I was definitely low on fuel as I felt like I was going to fall asleep at points and also started getting really weepy, my power tunes playlist was more like a sob fest (what on earth possessed me to put mine and J’s wedding song on it?!) and I was struggling to hold back the tears for most of the last two miles, especially as I got closer and closer to the finish. I just kept thinking “I am running a marathon, and I am going to actually finish it” and that made me rather emotional. After the final hill I was able to use the little energy remaining to jog the final downhill, there were still crowds at the finish and the announcer nearly made me lose it entirely by saying to the crowd that the people finishing now were the ones who had struggled the most and that they needed extra applause – sob! Over the finish line and through the very long funnel, collect t-shirt and bag and then I spotted Kate who had very kindly waited for about half an hour for me to cross the line, she got the brunt of my sobbing (and apologies since I was feeling very bad about shouting at her!) but I pulled it together and we went off to find J.
My final time was just over 5:11 – not the 5 hours I was looking for but oh so close and considering the build-up (bad foot and all) and my severe self-induced lack of training I am not disappointed, and in fact am so proud of my achievement, 2 years ago I was nearly 20 stone and very very unfit, and now I had just finished a marathon – I honestly would never have thought I could do that. I haven’t dared look at the splits as I think that might start to depress me, but I got within about 4 miles of making it to sub-5, so there will be no complaining here. Next time (and there will be a next time, in fact I’ve already signed up for Manchester in April!) I will train better and fuel better and I think I will smash it.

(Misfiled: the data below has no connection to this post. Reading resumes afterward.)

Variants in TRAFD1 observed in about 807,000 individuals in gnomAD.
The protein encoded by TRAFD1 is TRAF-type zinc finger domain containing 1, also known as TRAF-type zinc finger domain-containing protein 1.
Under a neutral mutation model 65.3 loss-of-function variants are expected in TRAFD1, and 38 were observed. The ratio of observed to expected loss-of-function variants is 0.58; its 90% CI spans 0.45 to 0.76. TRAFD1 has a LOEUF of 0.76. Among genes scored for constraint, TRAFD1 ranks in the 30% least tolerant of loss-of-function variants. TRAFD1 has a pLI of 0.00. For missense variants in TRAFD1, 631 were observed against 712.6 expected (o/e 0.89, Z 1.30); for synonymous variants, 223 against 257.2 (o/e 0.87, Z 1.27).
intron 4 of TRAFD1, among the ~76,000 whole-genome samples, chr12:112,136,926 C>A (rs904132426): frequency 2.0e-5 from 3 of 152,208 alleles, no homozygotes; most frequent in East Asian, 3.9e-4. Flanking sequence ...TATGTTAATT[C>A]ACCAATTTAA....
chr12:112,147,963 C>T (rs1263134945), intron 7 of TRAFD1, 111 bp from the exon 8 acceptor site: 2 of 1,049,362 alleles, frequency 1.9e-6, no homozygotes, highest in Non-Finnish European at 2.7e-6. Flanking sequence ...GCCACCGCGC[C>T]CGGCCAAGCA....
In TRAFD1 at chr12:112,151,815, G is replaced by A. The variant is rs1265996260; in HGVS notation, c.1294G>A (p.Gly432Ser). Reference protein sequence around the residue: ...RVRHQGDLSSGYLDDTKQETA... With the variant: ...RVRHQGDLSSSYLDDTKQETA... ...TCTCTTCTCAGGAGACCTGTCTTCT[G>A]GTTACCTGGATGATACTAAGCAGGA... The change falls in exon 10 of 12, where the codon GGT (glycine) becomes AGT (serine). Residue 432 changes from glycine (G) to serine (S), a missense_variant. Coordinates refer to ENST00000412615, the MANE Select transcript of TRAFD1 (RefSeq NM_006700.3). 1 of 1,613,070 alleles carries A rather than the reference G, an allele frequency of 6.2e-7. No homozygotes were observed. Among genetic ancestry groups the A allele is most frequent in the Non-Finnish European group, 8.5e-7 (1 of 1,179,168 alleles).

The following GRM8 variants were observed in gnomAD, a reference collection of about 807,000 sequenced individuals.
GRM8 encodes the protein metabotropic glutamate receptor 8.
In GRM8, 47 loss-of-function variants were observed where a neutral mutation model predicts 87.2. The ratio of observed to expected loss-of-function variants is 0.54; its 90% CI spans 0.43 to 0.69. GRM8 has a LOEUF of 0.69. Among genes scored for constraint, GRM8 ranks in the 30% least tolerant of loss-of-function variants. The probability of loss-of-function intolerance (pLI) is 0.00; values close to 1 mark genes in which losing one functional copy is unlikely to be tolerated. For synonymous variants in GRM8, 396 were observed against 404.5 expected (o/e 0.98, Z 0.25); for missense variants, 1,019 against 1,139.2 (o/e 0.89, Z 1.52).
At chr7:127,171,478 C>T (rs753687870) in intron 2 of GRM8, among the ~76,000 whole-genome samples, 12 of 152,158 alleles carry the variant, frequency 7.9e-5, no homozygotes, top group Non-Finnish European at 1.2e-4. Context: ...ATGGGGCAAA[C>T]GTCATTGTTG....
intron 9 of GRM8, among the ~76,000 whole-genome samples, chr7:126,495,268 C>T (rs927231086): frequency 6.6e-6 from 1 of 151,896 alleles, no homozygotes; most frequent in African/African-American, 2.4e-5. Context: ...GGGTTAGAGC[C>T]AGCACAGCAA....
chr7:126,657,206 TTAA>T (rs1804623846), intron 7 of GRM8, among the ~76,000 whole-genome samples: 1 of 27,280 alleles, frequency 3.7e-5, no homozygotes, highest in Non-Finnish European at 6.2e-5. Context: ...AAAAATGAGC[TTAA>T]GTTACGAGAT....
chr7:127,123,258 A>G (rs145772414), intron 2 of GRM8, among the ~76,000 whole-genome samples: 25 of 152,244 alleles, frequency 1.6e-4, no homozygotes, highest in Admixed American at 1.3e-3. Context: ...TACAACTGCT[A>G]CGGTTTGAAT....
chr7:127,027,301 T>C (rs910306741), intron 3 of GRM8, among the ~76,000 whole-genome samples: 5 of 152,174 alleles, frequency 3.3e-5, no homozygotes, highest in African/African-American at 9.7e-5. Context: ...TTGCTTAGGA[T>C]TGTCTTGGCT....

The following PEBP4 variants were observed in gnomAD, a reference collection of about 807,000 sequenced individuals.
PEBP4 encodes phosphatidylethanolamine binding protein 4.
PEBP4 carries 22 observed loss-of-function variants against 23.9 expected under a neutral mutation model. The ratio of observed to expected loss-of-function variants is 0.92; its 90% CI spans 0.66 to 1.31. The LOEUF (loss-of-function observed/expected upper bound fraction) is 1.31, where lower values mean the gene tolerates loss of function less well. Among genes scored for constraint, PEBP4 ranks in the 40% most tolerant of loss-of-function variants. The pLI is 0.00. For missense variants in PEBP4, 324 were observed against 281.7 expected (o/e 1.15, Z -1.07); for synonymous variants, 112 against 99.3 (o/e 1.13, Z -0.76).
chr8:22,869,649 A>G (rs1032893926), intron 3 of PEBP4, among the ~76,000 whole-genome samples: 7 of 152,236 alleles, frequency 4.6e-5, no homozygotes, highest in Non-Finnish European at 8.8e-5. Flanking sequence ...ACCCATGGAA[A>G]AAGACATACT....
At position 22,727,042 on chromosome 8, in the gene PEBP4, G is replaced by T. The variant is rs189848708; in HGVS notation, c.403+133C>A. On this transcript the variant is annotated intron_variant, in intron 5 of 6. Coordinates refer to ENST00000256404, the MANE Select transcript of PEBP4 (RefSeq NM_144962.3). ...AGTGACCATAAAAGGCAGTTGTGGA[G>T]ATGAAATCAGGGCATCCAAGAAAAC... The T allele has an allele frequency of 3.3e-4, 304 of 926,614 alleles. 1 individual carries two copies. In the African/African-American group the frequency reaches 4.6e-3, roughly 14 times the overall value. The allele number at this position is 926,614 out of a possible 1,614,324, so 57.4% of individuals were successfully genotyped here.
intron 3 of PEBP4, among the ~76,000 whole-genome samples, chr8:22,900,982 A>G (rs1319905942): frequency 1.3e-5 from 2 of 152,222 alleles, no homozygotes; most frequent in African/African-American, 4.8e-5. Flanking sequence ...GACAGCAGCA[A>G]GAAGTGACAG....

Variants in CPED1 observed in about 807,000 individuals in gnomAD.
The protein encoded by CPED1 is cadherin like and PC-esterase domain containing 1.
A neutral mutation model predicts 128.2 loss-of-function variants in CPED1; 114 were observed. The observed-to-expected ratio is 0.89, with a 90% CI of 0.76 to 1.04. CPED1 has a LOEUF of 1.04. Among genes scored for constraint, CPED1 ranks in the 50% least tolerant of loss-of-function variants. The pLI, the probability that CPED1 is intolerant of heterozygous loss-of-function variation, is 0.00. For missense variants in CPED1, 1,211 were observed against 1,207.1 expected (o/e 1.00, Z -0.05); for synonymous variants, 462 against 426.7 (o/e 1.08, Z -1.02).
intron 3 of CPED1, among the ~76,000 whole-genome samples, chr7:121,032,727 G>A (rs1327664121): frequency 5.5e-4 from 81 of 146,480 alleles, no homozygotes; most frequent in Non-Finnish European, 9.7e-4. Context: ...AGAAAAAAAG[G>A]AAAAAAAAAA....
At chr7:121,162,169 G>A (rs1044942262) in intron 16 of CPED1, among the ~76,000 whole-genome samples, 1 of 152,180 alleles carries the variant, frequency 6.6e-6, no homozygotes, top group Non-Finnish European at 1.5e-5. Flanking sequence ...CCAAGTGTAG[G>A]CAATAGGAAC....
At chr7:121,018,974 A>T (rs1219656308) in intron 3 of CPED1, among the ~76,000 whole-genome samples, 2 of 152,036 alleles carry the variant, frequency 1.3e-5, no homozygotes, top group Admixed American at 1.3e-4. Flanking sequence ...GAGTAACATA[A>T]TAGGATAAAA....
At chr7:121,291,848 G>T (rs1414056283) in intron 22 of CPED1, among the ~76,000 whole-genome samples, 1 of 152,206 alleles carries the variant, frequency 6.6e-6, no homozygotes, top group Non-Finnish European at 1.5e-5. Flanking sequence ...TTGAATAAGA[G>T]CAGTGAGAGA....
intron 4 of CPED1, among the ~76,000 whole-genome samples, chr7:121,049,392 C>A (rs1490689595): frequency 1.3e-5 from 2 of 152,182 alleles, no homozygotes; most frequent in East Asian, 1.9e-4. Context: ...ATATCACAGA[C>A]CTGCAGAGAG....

Nearly a week later the effects are still lingering, the DOMS in my quads for the first few days afterwards were absolutely horrendous, but that has subsided and apart from still wanting to eat the world, I feel ok. This weekend I’ll head out to parkrun and I think I might try a 10 miler or so on Sunday to maintain momentum, but J is away and I have the house to myself so I can’t promise that I won’t just sit in my owl PJs and watch Masterchef Australia, but that is ok. I am a marathon runner you know.